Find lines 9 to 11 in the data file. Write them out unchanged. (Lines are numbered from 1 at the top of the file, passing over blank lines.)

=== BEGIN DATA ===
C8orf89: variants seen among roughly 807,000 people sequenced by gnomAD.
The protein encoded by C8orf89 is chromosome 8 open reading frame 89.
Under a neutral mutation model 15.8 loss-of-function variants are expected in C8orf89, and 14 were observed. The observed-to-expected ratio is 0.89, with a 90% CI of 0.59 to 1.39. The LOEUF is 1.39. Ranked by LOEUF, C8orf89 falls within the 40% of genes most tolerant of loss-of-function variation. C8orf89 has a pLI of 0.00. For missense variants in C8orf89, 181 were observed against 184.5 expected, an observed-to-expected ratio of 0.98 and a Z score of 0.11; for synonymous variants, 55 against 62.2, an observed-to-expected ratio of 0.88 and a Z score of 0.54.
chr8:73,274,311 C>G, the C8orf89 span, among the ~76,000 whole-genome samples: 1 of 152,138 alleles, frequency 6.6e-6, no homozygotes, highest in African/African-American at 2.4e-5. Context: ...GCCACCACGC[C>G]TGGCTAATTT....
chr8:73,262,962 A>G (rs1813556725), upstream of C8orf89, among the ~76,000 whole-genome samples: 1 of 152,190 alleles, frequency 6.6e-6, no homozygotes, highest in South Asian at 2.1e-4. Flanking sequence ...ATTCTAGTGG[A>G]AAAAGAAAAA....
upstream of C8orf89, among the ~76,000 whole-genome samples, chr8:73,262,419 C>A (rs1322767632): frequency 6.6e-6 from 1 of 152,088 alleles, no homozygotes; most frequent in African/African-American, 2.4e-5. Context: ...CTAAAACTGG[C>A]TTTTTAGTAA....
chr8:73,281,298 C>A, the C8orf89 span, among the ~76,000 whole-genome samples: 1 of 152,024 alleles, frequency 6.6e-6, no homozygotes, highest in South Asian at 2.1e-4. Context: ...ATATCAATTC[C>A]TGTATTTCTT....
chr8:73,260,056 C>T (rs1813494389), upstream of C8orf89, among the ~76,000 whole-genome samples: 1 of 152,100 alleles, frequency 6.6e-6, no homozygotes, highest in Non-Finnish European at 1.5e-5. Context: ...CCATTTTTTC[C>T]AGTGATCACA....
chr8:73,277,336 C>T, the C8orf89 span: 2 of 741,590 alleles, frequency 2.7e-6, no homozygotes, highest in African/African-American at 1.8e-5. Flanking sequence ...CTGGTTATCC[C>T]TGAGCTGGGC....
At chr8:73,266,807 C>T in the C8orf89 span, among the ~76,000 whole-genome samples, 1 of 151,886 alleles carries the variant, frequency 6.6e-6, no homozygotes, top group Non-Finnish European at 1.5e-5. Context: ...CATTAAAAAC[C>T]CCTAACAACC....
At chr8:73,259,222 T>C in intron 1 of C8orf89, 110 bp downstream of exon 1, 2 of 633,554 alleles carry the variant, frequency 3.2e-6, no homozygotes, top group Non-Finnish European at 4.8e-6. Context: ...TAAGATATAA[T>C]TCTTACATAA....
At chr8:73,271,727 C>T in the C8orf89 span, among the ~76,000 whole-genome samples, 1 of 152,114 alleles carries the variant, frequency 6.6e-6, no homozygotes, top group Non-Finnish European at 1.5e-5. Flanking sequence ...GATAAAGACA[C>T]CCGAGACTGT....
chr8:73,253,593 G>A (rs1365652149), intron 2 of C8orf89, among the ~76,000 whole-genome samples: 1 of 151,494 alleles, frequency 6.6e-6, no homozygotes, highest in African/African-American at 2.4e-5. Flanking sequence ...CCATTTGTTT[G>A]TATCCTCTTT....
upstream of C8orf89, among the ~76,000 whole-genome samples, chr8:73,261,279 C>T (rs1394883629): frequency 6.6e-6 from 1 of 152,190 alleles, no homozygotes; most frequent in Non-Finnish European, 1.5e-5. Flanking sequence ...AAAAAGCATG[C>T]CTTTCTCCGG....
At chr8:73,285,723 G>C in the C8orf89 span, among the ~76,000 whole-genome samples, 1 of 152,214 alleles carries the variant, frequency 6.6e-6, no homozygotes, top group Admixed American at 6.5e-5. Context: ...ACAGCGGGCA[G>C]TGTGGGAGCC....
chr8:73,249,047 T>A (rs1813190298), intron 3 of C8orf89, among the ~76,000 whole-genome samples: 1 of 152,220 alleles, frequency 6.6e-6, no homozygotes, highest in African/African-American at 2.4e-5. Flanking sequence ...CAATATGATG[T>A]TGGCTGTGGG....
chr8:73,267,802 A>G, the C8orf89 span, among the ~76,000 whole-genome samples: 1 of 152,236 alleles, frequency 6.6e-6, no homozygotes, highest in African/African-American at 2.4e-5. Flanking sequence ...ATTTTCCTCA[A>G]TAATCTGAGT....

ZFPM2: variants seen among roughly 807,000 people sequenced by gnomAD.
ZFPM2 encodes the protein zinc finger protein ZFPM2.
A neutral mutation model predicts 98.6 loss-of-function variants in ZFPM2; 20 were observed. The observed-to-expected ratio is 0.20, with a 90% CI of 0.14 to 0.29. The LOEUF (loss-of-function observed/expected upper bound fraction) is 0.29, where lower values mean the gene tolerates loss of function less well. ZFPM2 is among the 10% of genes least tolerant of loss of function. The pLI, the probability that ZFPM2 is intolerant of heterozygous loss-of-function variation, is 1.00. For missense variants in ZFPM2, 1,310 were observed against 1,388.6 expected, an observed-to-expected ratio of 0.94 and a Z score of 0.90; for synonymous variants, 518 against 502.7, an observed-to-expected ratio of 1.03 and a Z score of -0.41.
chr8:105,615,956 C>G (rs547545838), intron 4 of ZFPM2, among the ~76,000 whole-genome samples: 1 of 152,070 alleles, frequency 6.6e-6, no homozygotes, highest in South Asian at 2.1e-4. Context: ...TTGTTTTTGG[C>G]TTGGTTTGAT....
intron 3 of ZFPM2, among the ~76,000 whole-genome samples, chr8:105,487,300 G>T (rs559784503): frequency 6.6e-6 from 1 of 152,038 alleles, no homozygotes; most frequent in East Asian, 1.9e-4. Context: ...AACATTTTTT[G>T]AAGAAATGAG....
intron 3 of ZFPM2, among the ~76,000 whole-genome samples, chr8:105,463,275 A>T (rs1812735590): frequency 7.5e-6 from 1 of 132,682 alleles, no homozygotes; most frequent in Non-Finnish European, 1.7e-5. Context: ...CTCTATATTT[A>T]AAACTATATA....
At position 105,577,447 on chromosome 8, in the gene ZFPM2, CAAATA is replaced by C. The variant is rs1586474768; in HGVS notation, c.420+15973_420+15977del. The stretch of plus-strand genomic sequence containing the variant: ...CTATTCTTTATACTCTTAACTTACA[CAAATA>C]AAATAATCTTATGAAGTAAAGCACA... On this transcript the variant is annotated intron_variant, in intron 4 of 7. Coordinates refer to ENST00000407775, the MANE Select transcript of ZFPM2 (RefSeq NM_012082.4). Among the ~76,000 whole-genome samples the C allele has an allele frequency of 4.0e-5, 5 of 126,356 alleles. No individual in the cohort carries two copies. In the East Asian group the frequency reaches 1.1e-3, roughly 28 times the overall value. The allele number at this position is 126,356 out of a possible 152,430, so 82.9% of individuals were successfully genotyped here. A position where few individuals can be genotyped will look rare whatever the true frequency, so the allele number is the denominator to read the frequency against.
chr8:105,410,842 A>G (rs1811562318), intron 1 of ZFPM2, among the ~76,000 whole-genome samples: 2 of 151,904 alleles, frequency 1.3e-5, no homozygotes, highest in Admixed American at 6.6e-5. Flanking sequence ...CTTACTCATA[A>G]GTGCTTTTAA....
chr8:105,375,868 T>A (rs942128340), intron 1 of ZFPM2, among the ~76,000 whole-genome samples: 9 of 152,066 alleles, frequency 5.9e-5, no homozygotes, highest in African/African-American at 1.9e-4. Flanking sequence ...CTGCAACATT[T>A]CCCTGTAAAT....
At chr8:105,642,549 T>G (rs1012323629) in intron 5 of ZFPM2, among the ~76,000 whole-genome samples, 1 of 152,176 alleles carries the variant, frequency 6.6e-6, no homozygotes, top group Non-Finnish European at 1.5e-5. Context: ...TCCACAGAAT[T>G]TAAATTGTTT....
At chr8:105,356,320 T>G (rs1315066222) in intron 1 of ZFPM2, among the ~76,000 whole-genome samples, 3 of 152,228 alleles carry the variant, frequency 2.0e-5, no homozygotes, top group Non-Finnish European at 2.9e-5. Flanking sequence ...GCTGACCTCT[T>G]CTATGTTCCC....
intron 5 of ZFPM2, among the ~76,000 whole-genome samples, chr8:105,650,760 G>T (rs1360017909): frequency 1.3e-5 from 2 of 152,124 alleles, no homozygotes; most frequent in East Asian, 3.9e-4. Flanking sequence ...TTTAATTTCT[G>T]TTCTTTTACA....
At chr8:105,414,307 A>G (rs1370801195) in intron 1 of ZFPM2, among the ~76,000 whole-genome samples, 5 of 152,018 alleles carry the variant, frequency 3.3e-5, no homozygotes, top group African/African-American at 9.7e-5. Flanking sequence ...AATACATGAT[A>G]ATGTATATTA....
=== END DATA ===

chr8:73,277,336 C>T, the C8orf89 span: 2 of 741,590 alleles, frequency 2.7e-6, no homozygotes, highest in African/African-American at 1.8e-5. Flanking sequence ...CTGGTTATCC[C>T]TGAGCTGGGC....
At chr8:73,266,807 C>T in the C8orf89 span, among the ~76,000 whole-genome samples, 1 of 151,886 alleles carries the variant, frequency 6.6e-6, no homozygotes, top group Non-Finnish European at 1.5e-5. Context: ...CATTAAAAAC[C>T]CCTAACAACC....
At chr8:73,259,222 T>C in intron 1 of C8orf89, 110 bp downstream of exon 1, 2 of 633,554 alleles carry the variant, frequency 3.2e-6, no homozygotes, top group Non-Finnish European at 4.8e-6. Context: ...TAAGATATAA[T>C]TCTTACATAA....